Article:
I think the name of this hexagram would be better translated as ‘Creating harmony between people’. Just looking at the moving lines reveals that peace, love and harmony are not foregone conclusions in this hexagram – and that, I think, is precisely why its creative potential is so great.
LiSe’s site says that the old character for tong, harmony, means perhaps a box and its lid, probably a mould used for casting. So it is a sign of people fitting together well, or of people made in the same image, but at all events of something that is designed, rather than ‘just happening’. It means sharing, having things in common, agreeing – and is also the name of a 12-yearly meeting of feudal lords.
In readings about relationships of all kinds, this is a hexagram for co-operation. In romantic relationships, think of building friendship and enjoying one another’s company; in business readings, think of joint ventures, and getting out of the competitive, win-lose mindset.
Once in a while, this hexagram refers to the relationships within people as well as those between people. They can be relationships between inner voices (adult and child, for instance), or between different traditions and ways of knowing. Then tong would involve bringing all of these together in inner conversation.
‘People in harmony in the wilds: creating success.
Harvest in crossing the great river.
Harvest in a noble one’s constancy.’
Where and what are ‘the wilds’?
In SJ Marshall’s Mandate of Heaven you can actually see where they might be on a map: the wilds of Mu, where King Wu is said to have gathered all his newly-allied troops to address them before the final battle against the Shang.
For me, the key is that the wilds are open: way beyond the familiar physical and mental boundaries of ‘people like us’. So the people who create harmony in the wilds are deliberately meeting on neutral ground, and radically expanding their whole idea of who ‘people like us’ might be. By ‘crossing the great river’ they take the risk of going outside their own familiar territory into the unknown. They’ll need the ‘noble one’s constancy’ to make the most of the opportunity: not just dogged conservatism, but imaginative persistence that takes the longer view.
The sequence from hexagram 12, Obstruction or Standstill, has a lot to say about what is achieved in hexagram 13. In the time of Obstruction, there could be no communication at all, because of the ‘non-people’. Or, I think, because of an ‘us versus them’ mentality that could categorise some people as ‘beyond the pale’, not true individuals. Now, there are no ‘non-people’. And whereas in the trigrams of hexagram 12, the earth fell away below and heaven rose mutely above, now there is fire below flaming up to join with heaven, reflecting the lights that already shine there.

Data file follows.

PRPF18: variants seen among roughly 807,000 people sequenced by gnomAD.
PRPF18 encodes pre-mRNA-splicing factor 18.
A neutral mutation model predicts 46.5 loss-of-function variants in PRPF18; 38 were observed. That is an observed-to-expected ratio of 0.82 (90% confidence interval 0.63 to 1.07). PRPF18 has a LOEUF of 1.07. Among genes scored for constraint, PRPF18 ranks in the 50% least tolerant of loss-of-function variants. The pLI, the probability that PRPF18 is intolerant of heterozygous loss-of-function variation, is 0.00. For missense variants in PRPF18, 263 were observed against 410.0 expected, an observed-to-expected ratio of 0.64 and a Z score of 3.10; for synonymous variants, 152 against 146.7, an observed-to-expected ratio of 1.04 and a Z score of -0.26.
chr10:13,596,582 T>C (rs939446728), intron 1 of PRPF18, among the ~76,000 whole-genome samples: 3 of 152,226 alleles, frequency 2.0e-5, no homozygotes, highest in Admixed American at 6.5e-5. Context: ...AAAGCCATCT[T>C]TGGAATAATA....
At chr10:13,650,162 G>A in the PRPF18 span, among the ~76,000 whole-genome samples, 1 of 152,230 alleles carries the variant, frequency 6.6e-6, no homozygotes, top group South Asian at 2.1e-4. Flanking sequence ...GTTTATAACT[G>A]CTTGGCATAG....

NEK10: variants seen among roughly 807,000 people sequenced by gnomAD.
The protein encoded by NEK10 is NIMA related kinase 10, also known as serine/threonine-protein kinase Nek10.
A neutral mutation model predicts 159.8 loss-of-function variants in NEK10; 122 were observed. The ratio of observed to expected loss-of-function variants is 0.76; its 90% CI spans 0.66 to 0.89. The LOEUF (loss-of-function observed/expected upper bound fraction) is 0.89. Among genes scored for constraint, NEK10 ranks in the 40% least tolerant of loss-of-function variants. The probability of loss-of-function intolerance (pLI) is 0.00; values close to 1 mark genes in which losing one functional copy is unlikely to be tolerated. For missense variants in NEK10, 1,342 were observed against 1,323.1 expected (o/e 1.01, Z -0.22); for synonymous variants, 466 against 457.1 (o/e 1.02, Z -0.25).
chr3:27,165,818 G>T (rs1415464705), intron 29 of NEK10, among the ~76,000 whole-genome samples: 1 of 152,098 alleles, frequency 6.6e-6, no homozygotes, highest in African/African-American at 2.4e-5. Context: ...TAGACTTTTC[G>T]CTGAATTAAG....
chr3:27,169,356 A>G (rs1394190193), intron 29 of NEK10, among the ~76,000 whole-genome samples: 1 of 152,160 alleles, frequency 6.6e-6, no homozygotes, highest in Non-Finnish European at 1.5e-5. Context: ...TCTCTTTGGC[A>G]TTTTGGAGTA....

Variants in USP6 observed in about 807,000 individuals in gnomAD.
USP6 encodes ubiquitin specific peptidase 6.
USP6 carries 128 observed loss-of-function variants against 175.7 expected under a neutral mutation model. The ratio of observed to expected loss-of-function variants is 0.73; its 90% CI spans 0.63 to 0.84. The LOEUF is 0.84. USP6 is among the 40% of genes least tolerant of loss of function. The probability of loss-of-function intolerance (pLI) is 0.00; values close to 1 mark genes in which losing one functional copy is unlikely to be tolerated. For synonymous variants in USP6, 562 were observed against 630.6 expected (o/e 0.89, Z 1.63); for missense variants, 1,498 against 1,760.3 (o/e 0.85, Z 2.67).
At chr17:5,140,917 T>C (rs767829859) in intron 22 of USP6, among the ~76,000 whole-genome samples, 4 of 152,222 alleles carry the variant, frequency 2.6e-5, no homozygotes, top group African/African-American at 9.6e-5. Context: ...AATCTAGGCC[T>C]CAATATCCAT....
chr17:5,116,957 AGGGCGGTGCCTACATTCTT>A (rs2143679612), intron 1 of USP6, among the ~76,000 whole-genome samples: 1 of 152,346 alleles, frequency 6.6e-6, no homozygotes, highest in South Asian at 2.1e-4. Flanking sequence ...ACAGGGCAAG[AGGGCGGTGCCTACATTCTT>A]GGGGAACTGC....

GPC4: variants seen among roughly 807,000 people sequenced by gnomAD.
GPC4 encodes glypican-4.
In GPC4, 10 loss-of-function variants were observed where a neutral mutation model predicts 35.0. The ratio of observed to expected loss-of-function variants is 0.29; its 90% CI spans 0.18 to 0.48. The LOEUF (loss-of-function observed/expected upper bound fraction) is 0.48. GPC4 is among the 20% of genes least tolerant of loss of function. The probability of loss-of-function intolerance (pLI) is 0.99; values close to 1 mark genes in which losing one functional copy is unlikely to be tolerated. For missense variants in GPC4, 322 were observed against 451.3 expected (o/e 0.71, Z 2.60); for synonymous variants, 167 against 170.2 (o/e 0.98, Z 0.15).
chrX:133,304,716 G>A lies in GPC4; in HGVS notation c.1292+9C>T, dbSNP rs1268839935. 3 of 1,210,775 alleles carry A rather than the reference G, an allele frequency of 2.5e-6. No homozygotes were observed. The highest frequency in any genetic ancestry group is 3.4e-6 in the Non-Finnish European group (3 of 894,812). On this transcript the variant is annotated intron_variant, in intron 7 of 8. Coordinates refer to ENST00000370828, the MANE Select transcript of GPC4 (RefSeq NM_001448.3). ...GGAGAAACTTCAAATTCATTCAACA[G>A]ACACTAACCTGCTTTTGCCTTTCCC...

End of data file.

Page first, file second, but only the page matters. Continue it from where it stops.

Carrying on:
earth below heaven
fire below heaven
Fire represents human consciousness, our inventiveness and our capacity for ‘holding together’ and understanding. When communication can’t happen effortlessly (as it does in hexagram 11), then hexagram 13 shows what it takes:
‘Heaven joins with fire. People in harmony.
In the same way, the noble one sorts the clans and differentiates between people.’
I imagine the clans gathering around the fire under the night sky, and the noble one using clarity of vision to keep the peace. It’s interesting that he does so by recognising differences first, and how they come from people’s clannish roots. Differences need acknowledging and respecting before people’s natural defensiveness can be disarmed. (The hidden core of this hexagram is 44, Coupling, showing how joining with very different people can have far-reaching consequences and stir up ancient fears.)
The direction and purpose of all this work is the paired hexagram, Great Possession (14): creating something immeasurably greater than the sum of its parts. Hexagram 14 shows how true wealth is found in exchange; Hexagram 13 creates the environment where this becomes possible.
One final note. A member of the I Ching Community asked Yi before the 2004 US election how feasible it was for Kerry to win, and received 13 changing to 14. With hindsight, he didn’t quite know what to make of this answer, and neither did I. But I did wonder…
13, line 2:
‘People in harmony in the ancestral hall.
Shortly after the result a website sprang up, ‘SorryEverybody.com’, a whole gallery of images of Americans holding up their apologies to the rest of the world. And then came…
13, line 5:
‘People in harmony first cry out and weep, then afterwards they laugh.
Great leaders direct their coming together.’